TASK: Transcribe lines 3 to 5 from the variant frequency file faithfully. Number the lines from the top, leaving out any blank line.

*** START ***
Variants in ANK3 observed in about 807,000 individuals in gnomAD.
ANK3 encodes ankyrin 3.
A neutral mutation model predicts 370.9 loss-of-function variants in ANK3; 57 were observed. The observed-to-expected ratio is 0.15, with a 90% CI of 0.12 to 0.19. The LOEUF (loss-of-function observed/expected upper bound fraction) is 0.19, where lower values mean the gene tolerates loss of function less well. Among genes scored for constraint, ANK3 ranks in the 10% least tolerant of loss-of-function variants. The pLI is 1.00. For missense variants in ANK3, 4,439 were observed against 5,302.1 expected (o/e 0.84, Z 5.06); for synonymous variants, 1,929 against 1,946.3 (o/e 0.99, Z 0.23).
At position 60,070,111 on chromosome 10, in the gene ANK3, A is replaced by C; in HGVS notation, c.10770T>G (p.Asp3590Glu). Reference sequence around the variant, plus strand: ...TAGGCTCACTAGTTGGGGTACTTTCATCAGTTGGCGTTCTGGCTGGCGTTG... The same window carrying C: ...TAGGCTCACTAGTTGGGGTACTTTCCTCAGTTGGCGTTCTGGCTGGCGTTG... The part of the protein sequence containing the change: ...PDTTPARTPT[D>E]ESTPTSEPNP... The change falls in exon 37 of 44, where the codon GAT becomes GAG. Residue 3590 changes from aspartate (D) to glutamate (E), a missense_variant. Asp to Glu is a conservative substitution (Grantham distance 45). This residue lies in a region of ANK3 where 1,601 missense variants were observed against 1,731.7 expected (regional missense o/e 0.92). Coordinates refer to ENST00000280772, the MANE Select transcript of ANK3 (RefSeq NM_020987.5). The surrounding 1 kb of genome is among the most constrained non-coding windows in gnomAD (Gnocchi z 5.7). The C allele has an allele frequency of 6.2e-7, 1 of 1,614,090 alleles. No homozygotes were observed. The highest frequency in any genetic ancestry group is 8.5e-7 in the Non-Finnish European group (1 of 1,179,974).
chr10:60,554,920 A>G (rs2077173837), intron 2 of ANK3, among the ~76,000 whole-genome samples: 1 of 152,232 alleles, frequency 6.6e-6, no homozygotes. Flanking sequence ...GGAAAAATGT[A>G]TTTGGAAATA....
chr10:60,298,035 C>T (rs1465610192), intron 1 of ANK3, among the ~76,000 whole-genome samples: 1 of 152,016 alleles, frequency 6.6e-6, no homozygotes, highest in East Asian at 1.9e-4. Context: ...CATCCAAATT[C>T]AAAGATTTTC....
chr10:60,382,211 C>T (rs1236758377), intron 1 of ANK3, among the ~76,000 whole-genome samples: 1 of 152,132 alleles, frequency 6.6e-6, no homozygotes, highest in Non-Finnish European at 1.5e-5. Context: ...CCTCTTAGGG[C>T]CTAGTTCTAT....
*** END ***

A neutral mutation model predicts 370.9 loss-of-function variants in ANK3; 57 were observed. The observed-to-expected ratio is 0.15, with a 90% CI of 0.12 to 0.19. The LOEUF (loss-of-function observed/expected upper bound fraction) is 0.19, where lower values mean the gene tolerates loss of function less well. Among genes scored for constraint, ANK3 ranks in the 10% least tolerant of loss-of-function variants. The pLI is 1.00. For missense variants in ANK3, 4,439 were observed against 5,302.1 expected (o/e 0.84, Z 5.06); for synonymous variants, 1,929 against 1,946.3 (o/e 0.99, Z 0.23).
At position 60,070,111 on chromosome 10, in the gene ANK3, A is replaced by C; in HGVS notation, c.10770T>G (p.Asp3590Glu). Reference sequence around the variant, plus strand: ...TAGGCTCACTAGTTGGGGTACTTTCATCAGTTGGCGTTCTGGCTGGCGTTG... The same window carrying C: ...TAGGCTCACTAGTTGGGGTACTTTCCTCAGTTGGCGTTCTGGCTGGCGTTG... The part of the protein sequence containing the change: ...PDTTPARTPT[D>E]ESTPTSEPNP... The change falls in exon 37 of 44, where the codon GAT becomes GAG. Residue 3590 changes from aspartate (D) to glutamate (E), a missense_variant. Asp to Glu is a conservative substitution (Grantham distance 45). This residue lies in a region of ANK3 where 1,601 missense variants were observed against 1,731.7 expected (regional missense o/e 0.92). Coordinates refer to ENST00000280772, the MANE Select transcript of ANK3 (RefSeq NM_020987.5). The surrounding 1 kb of genome is among the most constrained non-coding windows in gnomAD (Gnocchi z 5.7). The C allele has an allele frequency of 6.2e-7, 1 of 1,614,090 alleles. No homozygotes were observed. The highest frequency in any genetic ancestry group is 8.5e-7 in the Non-Finnish European group (1 of 1,179,974).
chr10:60,554,920 A>G (rs2077173837), intron 2 of ANK3, among the ~76,000 whole-genome samples: 1 of 152,232 alleles, frequency 6.6e-6, no homozygotes. Flanking sequence ...GGAAAAATGT[A>G]TTTGGAAATA....